Bridging the engagement capacity gap
Brands are caught in a maelstrom of change, the impact of which will be felt for years to come. The pace of digital transformation has accelerated dramatically, and with it has brought increased consumer demand for self-service and social media-based interactions, on top of human assistance as required. This is compounded by an ever-rising expectation for informed, relevant and authentic experiences between business and customer.
This is placing significant pressure on brands to transform how they connect with customers. Compounding this are shifting workforce dynamics. We are all still reeling from the fastest, and biggest, move in how we work in history, and that’s before we consider how massive generational shifts, already well underway pre-2020, are having an impact on how employees approach, engage in and consider work.
Add to the mix the constant rise in new channels, and with teams working anywhere there is a growing risk of existing silos becoming much more entrenched and fatally undermining the flow of information. The possibility of a consumer having to repeat themselves to a variety of colleagues over the course of a single interaction is only going to increase, along with the potential degradation in experience and engagement.
Mind the Gap
It all points to brands having to work much harder to ensure that customers receive a consistent real-time experience across the entire organisation. Unsurprisingly, many businesses are struggling to deliver all this with their current resources – according to a new report Verint has published, 82% of brands believe the challenges of managing customer engagement and experience will grow in 2021. At the same time, 74% were unable to make planned hires in 2020 due to COVID and related economic challenges.
This is creating the Engagement Capacity Gap – the chasm between what organisations know they need to do in order to manage customer engagement, and the resources they have to do it. For a select few organisations, it’s non-existent; for most, it is only getting wider.
It’s an issue that will have a negative effect on the bottom line, at a point in time when recovery is harder than ever before. But despite this, the flip side is the opportunity; that those brands that can deliver high quality customer engagement will have a huge competitive advantage in the post-pandemic marketplace. Business leaders know this; the same study found that three of the top five senior executive priorities were directly related to customer engagement – 53% highlighted customer acquisition, 51% were focusing on upskilling customer support professionals, and 49% were evolving customer experience and engagement strategies to address new challenges.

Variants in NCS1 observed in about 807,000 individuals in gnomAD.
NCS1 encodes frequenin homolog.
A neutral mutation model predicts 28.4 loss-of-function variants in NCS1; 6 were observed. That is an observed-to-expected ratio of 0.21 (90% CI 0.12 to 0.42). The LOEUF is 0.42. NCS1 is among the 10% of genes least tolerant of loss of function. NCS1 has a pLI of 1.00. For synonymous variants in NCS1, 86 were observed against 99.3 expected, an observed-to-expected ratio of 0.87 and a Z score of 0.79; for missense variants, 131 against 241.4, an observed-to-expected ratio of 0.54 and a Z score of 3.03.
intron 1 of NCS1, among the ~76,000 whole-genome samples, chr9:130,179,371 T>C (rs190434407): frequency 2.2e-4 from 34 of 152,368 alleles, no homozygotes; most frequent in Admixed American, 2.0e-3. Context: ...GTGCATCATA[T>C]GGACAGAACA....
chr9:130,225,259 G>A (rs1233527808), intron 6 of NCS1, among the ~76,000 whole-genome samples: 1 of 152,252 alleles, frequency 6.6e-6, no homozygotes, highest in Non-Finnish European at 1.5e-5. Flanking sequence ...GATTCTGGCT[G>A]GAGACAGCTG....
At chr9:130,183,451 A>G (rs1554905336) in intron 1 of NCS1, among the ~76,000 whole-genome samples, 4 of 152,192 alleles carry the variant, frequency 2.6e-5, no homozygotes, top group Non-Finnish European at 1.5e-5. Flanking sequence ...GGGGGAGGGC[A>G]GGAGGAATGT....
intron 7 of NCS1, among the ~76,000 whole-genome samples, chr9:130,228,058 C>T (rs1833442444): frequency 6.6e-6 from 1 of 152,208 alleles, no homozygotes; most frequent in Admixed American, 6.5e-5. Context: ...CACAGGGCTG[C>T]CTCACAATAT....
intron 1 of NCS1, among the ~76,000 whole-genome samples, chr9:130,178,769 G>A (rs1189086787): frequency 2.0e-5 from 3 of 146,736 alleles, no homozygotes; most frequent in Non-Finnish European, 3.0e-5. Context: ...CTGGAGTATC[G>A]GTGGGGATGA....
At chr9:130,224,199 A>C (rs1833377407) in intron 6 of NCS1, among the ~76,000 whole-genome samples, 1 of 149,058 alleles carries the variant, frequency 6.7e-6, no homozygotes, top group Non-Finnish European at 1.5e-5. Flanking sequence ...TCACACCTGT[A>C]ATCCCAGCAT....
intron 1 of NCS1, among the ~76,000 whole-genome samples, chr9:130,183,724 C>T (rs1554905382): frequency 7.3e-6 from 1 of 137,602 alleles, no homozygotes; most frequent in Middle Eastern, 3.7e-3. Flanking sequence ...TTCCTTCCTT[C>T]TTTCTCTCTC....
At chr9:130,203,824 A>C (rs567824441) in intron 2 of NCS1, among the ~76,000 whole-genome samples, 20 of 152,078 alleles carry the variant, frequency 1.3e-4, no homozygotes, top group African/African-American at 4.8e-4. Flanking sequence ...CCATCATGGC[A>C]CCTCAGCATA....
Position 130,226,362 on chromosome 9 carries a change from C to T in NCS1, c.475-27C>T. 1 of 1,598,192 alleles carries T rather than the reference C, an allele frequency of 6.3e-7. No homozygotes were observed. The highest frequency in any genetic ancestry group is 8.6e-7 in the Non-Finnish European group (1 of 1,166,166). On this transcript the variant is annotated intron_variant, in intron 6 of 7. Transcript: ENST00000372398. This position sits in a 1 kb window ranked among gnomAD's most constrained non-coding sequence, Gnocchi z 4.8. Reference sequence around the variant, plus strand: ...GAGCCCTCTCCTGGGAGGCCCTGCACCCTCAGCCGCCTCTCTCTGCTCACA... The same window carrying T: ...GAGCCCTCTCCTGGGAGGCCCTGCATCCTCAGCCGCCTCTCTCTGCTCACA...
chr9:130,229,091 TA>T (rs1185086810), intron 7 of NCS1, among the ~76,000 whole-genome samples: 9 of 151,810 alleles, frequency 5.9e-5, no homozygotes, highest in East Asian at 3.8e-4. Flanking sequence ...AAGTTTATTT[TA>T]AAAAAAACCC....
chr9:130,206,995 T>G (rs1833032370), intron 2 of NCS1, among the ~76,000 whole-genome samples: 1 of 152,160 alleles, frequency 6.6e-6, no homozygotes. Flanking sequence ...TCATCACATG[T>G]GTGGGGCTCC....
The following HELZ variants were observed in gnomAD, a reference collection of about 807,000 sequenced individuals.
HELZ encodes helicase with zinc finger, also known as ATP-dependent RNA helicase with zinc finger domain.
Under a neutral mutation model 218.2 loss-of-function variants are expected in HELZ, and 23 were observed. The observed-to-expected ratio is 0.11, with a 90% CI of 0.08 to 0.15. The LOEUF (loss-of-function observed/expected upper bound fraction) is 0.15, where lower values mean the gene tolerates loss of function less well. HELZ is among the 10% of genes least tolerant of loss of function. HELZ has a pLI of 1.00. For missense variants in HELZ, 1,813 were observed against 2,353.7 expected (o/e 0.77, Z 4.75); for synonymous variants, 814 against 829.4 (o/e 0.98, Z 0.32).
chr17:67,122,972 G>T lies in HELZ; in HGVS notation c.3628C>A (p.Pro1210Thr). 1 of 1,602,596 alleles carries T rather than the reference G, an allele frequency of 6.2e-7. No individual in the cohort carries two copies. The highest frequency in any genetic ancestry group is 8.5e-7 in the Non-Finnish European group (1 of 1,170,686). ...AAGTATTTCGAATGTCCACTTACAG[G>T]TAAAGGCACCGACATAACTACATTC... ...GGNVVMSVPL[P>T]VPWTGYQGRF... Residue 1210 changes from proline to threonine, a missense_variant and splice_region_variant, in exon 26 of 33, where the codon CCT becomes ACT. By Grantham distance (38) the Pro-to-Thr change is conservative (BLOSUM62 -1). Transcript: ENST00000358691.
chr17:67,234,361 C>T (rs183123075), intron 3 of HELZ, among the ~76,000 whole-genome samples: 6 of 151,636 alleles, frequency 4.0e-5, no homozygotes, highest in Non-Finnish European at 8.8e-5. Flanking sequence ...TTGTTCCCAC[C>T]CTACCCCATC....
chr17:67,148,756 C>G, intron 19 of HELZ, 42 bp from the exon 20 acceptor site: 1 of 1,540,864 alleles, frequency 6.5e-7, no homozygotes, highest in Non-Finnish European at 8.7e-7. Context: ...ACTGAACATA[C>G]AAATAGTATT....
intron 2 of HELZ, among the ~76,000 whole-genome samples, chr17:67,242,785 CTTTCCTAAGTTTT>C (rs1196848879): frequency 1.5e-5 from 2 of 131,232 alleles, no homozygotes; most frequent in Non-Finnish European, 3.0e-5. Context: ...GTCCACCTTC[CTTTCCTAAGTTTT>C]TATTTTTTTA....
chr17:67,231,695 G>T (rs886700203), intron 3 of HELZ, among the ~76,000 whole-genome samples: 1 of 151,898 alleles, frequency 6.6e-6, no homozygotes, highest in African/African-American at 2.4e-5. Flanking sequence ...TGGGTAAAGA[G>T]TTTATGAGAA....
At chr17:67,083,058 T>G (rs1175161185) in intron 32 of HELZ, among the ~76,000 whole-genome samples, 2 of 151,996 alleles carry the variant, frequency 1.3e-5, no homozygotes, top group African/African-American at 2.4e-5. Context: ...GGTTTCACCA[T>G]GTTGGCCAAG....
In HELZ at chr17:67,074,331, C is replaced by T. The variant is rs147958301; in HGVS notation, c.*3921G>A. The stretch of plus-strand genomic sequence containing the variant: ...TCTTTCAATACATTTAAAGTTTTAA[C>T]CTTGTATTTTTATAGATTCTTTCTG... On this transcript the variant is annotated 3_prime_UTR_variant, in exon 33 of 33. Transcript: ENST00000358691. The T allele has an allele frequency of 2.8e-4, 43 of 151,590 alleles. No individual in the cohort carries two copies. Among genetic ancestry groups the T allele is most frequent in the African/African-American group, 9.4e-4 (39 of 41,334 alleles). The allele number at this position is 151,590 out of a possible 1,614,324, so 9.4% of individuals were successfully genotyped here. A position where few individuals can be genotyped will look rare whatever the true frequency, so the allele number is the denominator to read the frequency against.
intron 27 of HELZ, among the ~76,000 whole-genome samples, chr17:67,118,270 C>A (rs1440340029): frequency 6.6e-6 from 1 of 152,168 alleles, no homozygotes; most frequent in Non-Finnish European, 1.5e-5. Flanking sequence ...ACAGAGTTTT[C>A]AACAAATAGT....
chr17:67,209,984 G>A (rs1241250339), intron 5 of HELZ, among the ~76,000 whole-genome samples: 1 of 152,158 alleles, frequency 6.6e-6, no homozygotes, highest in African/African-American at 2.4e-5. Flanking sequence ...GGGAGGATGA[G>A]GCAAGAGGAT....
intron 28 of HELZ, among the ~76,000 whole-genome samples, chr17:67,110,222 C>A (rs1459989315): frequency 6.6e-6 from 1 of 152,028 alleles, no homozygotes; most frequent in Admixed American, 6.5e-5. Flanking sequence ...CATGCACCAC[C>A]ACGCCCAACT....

Building a bridge with limited resources
But knowing what you need to do and delivering it are two different things. How do businesses meet these objectives, and ultimately close the Engagement Capacity Gap, with limited resources?
Clearly, hiring more workers is neither a quick nor sustainable solution. This means looking at current processes and roles, and working out what can be automated, and where digital tools can be deployed to free up human agents.
This might be artificial intelligence, in the form of bots and back-end analytics, to capture intelligence and forearm employees with everything they need, faster than if they did it themselves – certainly, more than three quarters of brands have moderate-to-high investment in AI currently, with 62% seeing it play a moderate-to-high role in managing shifts in channel usage and interaction volumes.
But it goes further than this – from workforce management to compliance, security, and fraud solutions, voice of customer and customer experience management platforms to knowledge management tools. All solutions that can automate as much as possible, and free up workforces to only work on tasks and demands that need human assistance, insight and creativity.
Underpinning new capabilities with cutting edge technology
Bridging the Engagement Capacity Gap requires a new set of capabilities that means businesses not just survive, but thrive in the current environment, underpinned by investment in the right tools. This means empowering the workforce to deliver the right engagement and response to customers, and in doing so creating an organisation that can adapt and act quickly. It means being able to strike a balance between automation and human touch, supporting employees without overloading them. It means breaking down silos with intuitive collaboration to improve the flow of data, intelligence and analysis across functions. It means having the ability to listen, understand and act on the billions of interactions, both digital and in-person, that make up the modern customer experience.
With these capabilities, brands can drive a better level of customer experience, thanks to improved engagement, without overburdening existing teams. In doing so, they can tie it all to tangible business outcomes and, ultimately, improved company performance.